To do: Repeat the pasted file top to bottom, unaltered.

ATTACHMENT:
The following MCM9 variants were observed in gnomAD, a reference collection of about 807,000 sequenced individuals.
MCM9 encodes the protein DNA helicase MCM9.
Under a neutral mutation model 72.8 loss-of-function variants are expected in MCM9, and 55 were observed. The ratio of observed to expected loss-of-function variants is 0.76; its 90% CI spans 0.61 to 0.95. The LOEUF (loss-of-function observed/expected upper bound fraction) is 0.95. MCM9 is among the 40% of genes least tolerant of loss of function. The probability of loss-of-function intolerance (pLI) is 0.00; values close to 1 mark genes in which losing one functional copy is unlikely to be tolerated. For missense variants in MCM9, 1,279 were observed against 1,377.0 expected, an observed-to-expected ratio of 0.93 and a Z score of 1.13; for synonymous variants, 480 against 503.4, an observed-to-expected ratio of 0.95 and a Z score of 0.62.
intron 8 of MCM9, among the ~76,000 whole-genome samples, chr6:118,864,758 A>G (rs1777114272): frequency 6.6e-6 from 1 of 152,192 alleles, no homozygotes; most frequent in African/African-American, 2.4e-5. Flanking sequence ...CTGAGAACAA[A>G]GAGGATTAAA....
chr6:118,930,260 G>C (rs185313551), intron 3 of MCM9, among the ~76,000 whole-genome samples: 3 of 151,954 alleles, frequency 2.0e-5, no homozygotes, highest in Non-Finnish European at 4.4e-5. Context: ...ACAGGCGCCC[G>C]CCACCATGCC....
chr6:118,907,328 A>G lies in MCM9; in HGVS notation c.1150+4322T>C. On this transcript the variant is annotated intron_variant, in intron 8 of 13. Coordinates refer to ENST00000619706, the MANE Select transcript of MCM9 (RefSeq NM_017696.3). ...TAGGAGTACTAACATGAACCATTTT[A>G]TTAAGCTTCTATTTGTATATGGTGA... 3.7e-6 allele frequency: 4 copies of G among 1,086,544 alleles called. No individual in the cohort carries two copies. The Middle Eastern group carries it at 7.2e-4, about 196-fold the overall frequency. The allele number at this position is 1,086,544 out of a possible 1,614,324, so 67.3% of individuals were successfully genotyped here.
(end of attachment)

The following MCM9 variants were observed in gnomAD, a reference collection of about 807,000 sequenced individuals.
MCM9 encodes the protein DNA helicase MCM9.
Under a neutral mutation model 72.8 loss-of-function variants are expected in MCM9, and 55 were observed. The ratio of observed to expected loss-of-function variants is 0.76; its 90% CI spans 0.61 to 0.95. The LOEUF (loss-of-function observed/expected upper bound fraction) is 0.95. MCM9 is among the 40% of genes least tolerant of loss of function. The probability of loss-of-function intolerance (pLI) is 0.00; values close to 1 mark genes in which losing one functional copy is unlikely to be tolerated. For missense variants in MCM9, 1,279 were observed against 1,377.0 expected, an observed-to-expected ratio of 0.93 and a Z score of 1.13; for synonymous variants, 480 against 503.4, an observed-to-expected ratio of 0.95 and a Z score of 0.62.
intron 8 of MCM9, among the ~76,000 whole-genome samples, chr6:118,864,758 A>G (rs1777114272): frequency 6.6e-6 from 1 of 152,192 alleles, no homozygotes; most frequent in African/African-American, 2.4e-5. Flanking sequence ...CTGAGAACAA[A>G]GAGGATTAAA....
chr6:118,930,260 G>C (rs185313551), intron 3 of MCM9, among the ~76,000 whole-genome samples: 3 of 151,954 alleles, frequency 2.0e-5, no homozygotes, highest in Non-Finnish European at 4.4e-5. Context: ...ACAGGCGCCC[G>C]CCACCATGCC....
chr6:118,907,328 A>G lies in MCM9; in HGVS notation c.1150+4322T>C. On this transcript the variant is annotated intron_variant, in intron 8 of 13. Coordinates refer to ENST00000619706, the MANE Select transcript of MCM9 (RefSeq NM_017696.3). ...TAGGAGTACTAACATGAACCATTTT[A>G]TTAAGCTTCTATTTGTATATGGTGA... 3.7e-6 allele frequency: 4 copies of G among 1,086,544 alleles called. No individual in the cohort carries two copies. The Middle Eastern group carries it at 7.2e-4, about 196-fold the overall frequency. The allele number at this position is 1,086,544 out of a possible 1,614,324, so 67.3% of individuals were successfully genotyped here.